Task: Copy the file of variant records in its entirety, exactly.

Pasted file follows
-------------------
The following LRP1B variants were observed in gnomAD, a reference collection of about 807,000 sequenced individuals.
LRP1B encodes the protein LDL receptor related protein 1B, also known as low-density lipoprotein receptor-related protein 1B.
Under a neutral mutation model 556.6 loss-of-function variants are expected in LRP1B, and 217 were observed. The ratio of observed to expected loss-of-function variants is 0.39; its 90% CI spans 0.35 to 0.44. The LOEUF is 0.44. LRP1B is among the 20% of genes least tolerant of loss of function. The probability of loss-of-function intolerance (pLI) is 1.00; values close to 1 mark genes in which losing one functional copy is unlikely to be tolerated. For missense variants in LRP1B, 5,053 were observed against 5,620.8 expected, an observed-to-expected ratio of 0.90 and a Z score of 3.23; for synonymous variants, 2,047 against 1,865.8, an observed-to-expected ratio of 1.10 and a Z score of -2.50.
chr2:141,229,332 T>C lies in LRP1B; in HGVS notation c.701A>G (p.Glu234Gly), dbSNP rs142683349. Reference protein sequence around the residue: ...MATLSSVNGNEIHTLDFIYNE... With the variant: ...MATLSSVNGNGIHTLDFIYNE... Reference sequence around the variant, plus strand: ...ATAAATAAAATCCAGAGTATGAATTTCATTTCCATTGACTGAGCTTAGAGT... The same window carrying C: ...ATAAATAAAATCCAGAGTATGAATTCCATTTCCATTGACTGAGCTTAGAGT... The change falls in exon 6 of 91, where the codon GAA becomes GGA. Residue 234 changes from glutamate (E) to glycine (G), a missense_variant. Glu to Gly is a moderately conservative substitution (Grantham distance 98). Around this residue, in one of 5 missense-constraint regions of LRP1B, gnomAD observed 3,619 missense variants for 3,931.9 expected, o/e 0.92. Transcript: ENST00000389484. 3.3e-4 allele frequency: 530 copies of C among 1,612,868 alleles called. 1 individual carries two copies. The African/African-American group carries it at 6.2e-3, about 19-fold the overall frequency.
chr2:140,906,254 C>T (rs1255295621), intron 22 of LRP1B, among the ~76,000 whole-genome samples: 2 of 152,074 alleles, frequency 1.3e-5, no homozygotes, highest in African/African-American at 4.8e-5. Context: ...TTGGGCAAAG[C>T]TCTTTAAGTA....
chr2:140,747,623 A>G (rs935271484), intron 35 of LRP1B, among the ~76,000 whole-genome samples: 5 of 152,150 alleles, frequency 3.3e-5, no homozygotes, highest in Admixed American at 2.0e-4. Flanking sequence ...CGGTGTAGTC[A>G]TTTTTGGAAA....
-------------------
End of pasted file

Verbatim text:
The following LRP1B variants were observed in gnomAD, a reference collection of about 807,000 sequenced individuals.
LRP1B encodes the protein LDL receptor related protein 1B, also known as low-density lipoprotein receptor-related protein 1B.
Under a neutral mutation model 556.6 loss-of-function variants are expected in LRP1B, and 217 were observed. The ratio of observed to expected loss-of-function variants is 0.39; its 90% CI spans 0.35 to 0.44. The LOEUF is 0.44. LRP1B is among the 20% of genes least tolerant of loss of function. The probability of loss-of-function intolerance (pLI) is 1.00; values close to 1 mark genes in which losing one functional copy is unlikely to be tolerated. For missense variants in LRP1B, 5,053 were observed against 5,620.8 expected, an observed-to-expected ratio of 0.90 and a Z score of 3.23; for synonymous variants, 2,047 against 1,865.8, an observed-to-expected ratio of 1.10 and a Z score of -2.50.
chr2:141,229,332 T>C lies in LRP1B; in HGVS notation c.701A>G (p.Glu234Gly), dbSNP rs142683349. Reference protein sequence around the residue: ...MATLSSVNGNEIHTLDFIYNE... With the variant: ...MATLSSVNGNGIHTLDFIYNE... Reference sequence around the variant, plus strand: ...ATAAATAAAATCCAGAGTATGAATTTCATTTCCATTGACTGAGCTTAGAGT... The same window carrying C: ...ATAAATAAAATCCAGAGTATGAATTCCATTTCCATTGACTGAGCTTAGAGT... The change falls in exon 6 of 91, where the codon GAA becomes GGA. Residue 234 changes from glutamate (E) to glycine (G), a missense_variant. Glu to Gly is a moderately conservative substitution (Grantham distance 98). Around this residue, in one of 5 missense-constraint regions of LRP1B, gnomAD observed 3,619 missense variants for 3,931.9 expected, o/e 0.92. Transcript: ENST00000389484. 3.3e-4 allele frequency: 530 copies of C among 1,612,868 alleles called. 1 individual carries two copies. The African/African-American group carries it at 6.2e-3, about 19-fold the overall frequency.
chr2:140,906,254 C>T (rs1255295621), intron 22 of LRP1B, among the ~76,000 whole-genome samples: 2 of 152,074 alleles, frequency 1.3e-5, no homozygotes, highest in African/African-American at 4.8e-5. Context: ...TTGGGCAAAG[C>T]TCTTTAAGTA....
chr2:140,747,623 A>G (rs935271484), intron 35 of LRP1B, among the ~76,000 whole-genome samples: 5 of 152,150 alleles, frequency 3.3e-5, no homozygotes, highest in Admixed American at 2.0e-4. Flanking sequence ...CGGTGTAGTC[A>G]TTTTTGGAAA....